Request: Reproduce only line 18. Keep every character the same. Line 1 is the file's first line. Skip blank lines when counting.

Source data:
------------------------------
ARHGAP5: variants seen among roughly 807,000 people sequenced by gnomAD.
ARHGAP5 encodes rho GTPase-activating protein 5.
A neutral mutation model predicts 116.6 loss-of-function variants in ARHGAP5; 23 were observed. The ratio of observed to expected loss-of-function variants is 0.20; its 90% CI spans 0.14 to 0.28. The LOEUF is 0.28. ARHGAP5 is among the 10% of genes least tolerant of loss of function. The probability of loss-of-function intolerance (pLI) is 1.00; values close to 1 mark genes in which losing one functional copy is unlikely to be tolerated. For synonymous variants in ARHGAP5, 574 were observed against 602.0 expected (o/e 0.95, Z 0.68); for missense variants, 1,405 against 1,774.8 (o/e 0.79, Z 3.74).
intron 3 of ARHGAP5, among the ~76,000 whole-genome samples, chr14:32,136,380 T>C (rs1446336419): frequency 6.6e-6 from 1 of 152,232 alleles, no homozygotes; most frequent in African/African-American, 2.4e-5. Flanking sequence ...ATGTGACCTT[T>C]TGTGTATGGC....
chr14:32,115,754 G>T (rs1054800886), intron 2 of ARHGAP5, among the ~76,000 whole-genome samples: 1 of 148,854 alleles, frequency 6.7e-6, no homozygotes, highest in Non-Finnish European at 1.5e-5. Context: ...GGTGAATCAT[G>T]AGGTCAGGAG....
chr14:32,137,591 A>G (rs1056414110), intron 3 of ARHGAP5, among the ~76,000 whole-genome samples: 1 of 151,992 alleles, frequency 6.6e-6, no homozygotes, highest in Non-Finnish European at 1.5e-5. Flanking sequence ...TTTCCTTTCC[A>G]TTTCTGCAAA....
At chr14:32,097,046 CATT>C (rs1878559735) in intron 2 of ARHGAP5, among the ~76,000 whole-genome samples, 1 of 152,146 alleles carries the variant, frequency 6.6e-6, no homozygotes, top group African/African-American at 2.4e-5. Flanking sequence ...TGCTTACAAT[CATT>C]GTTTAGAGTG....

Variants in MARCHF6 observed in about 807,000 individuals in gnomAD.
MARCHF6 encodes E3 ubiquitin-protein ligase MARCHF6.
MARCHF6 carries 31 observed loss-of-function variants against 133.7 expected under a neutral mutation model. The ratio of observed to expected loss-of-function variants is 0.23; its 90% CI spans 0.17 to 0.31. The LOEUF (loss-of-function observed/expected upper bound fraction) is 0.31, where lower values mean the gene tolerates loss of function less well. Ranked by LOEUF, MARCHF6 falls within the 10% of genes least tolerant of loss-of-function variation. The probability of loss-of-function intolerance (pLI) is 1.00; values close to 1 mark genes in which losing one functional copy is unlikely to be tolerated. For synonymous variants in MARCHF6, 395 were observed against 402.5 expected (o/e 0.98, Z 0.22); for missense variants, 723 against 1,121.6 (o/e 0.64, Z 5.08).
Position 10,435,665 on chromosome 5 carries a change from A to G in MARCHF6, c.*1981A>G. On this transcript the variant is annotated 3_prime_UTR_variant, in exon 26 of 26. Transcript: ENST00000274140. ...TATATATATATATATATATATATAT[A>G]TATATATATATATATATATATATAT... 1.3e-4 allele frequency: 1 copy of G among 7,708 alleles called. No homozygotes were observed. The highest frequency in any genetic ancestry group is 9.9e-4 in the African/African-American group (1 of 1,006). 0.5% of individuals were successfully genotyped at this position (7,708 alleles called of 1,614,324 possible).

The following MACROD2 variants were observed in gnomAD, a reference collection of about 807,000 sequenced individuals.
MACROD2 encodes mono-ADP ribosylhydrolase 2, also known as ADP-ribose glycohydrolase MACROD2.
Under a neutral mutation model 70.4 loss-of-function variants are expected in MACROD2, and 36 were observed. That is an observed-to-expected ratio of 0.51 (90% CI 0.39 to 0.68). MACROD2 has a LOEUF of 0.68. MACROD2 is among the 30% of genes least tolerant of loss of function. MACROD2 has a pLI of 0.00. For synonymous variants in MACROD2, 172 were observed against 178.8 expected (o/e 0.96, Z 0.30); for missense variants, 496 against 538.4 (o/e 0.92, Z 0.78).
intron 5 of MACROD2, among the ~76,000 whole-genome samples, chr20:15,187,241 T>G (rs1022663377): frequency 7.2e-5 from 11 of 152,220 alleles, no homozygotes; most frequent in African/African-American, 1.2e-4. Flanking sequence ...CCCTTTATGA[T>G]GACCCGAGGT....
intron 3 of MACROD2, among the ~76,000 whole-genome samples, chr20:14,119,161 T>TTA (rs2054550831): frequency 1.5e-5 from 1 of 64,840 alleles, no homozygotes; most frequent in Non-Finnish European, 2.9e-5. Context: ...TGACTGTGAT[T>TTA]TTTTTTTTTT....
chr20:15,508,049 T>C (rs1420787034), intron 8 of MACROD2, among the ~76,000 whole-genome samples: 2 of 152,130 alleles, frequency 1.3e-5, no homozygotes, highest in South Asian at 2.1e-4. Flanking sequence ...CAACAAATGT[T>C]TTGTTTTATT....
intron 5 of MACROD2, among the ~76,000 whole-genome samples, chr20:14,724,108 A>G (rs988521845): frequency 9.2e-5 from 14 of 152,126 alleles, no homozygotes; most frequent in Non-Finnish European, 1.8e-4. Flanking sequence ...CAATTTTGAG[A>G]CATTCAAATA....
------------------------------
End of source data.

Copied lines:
intron 5 of MACROD2, among the ~76,000 whole-genome samples, chr20:14,724,108 A>G (rs988521845): frequency 9.2e-5 from 14 of 152,126 alleles, no homozygotes; most frequent in Non-Finnish European, 1.8e-4. Flanking sequence ...CAATTTTGAG[A>G]CATTCAAATA....